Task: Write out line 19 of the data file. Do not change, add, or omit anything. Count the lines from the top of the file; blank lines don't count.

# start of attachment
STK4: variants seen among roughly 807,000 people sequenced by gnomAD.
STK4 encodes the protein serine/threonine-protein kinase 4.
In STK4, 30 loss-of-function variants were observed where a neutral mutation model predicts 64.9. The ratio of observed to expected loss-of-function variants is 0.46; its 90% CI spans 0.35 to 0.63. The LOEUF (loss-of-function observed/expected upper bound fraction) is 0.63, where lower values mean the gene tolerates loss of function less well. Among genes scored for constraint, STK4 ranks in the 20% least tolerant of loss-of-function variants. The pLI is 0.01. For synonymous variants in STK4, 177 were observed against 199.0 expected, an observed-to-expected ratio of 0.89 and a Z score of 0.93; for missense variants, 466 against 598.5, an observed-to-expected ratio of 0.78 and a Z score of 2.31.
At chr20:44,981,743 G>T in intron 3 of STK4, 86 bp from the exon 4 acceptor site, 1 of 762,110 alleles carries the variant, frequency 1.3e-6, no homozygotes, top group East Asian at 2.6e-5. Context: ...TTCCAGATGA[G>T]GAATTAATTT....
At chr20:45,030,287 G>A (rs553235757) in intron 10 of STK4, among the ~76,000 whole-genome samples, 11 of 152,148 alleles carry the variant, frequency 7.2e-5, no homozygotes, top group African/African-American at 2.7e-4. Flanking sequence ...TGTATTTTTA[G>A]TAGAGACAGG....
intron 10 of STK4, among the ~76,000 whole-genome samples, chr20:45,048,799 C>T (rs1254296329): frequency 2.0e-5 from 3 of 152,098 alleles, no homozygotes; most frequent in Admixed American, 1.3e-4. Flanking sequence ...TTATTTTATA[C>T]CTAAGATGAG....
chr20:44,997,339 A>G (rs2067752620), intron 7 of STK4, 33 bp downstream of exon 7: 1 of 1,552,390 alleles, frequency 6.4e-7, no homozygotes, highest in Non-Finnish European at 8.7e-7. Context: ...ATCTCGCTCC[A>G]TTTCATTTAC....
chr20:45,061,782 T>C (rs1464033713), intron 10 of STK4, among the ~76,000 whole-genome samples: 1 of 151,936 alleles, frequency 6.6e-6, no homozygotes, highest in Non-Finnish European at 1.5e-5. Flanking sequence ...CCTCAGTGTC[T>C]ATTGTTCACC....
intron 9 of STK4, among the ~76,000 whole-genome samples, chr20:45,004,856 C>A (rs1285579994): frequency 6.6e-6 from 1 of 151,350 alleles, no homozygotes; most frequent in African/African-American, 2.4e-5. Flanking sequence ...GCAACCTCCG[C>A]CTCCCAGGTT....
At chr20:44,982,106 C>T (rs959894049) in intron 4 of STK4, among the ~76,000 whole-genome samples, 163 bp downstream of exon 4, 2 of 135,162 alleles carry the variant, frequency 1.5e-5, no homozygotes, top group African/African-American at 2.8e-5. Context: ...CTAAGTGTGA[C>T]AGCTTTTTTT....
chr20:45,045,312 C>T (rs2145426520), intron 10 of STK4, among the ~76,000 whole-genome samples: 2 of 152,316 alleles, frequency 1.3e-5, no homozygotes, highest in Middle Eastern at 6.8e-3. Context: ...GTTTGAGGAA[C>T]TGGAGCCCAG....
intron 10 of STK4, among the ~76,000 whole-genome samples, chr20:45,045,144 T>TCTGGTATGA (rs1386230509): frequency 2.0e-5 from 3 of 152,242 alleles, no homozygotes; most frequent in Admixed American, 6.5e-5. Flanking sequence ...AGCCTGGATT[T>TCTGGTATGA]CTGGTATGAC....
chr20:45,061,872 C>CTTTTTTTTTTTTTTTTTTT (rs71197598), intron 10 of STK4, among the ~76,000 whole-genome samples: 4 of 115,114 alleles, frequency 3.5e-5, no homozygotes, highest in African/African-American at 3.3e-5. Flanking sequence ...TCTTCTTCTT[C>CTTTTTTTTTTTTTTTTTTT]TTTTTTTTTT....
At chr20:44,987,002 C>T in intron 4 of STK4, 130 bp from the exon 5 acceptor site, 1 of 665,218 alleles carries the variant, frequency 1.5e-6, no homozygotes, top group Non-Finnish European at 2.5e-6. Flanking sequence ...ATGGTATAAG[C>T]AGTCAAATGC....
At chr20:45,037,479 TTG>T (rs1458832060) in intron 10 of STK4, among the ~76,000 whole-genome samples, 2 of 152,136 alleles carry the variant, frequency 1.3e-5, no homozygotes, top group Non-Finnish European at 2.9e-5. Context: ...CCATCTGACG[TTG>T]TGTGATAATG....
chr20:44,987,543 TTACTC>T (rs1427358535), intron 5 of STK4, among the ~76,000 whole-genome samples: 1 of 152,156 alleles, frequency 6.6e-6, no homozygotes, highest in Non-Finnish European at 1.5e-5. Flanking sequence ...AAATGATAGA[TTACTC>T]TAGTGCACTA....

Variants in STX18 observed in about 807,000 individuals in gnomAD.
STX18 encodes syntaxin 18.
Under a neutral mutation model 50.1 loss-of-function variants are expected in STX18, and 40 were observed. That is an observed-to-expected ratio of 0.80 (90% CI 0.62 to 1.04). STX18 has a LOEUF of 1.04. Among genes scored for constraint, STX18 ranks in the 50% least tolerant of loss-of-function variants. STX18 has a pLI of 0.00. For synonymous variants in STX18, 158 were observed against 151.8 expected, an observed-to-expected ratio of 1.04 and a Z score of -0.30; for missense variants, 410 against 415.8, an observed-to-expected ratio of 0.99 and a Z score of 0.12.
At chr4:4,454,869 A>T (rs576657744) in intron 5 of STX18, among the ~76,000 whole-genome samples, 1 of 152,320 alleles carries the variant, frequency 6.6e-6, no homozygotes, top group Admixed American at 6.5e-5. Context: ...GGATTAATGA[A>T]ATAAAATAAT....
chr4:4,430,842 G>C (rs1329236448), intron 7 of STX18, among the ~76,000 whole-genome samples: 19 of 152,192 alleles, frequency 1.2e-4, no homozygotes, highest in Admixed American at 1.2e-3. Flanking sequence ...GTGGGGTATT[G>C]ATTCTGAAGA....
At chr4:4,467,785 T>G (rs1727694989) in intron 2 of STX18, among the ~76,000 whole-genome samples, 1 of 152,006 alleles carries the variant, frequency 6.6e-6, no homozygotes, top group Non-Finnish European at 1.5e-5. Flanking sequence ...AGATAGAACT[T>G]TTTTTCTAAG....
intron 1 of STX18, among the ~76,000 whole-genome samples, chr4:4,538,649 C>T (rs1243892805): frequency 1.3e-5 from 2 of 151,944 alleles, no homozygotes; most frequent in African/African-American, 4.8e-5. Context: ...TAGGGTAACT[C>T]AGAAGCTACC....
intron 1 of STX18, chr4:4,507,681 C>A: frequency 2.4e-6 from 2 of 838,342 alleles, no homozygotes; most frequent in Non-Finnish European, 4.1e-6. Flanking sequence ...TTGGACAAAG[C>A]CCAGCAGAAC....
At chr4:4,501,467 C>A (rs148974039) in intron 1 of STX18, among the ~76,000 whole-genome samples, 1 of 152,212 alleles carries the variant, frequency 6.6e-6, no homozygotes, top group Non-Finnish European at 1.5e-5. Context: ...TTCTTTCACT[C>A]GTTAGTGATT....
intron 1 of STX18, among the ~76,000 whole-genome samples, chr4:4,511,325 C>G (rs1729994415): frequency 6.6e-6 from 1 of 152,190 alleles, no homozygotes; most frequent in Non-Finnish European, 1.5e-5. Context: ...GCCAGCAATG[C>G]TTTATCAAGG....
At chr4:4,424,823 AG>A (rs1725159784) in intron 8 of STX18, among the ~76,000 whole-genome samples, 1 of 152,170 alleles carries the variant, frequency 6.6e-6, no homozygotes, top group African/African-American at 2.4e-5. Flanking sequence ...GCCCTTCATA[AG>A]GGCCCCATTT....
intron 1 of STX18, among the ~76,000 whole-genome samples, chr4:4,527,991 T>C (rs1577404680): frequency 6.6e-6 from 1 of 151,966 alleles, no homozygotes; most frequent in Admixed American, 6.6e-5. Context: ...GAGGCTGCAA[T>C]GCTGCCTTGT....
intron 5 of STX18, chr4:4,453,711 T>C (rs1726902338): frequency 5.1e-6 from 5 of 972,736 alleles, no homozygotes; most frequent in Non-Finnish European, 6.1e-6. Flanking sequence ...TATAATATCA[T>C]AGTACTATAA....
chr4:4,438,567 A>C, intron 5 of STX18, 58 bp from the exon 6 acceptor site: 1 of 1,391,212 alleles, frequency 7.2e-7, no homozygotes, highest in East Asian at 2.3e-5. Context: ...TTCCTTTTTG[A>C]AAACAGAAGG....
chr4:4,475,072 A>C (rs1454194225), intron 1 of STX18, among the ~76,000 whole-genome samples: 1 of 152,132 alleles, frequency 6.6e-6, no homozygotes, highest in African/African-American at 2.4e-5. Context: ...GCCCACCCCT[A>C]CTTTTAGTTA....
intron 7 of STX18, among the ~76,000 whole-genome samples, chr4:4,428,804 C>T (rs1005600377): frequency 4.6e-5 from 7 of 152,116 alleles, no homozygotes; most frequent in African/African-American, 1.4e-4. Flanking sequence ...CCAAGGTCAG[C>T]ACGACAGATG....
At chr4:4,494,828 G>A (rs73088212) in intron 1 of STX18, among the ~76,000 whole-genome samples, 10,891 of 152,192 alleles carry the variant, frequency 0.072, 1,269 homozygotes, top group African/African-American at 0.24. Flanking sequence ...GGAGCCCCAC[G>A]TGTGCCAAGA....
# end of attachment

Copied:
Under a neutral mutation model 50.1 loss-of-function variants are expected in STX18, and 40 were observed. That is an observed-to-expected ratio of 0.80 (90% CI 0.62 to 1.04). STX18 has a LOEUF of 1.04. Among genes scored for constraint, STX18 ranks in the 50% least tolerant of loss-of-function variants. STX18 has a pLI of 0.00. For synonymous variants in STX18, 158 were observed against 151.8 expected, an observed-to-expected ratio of 1.04 and a Z score of -0.30; for missense variants, 410 against 415.8, an observed-to-expected ratio of 0.99 and a Z score of 0.12.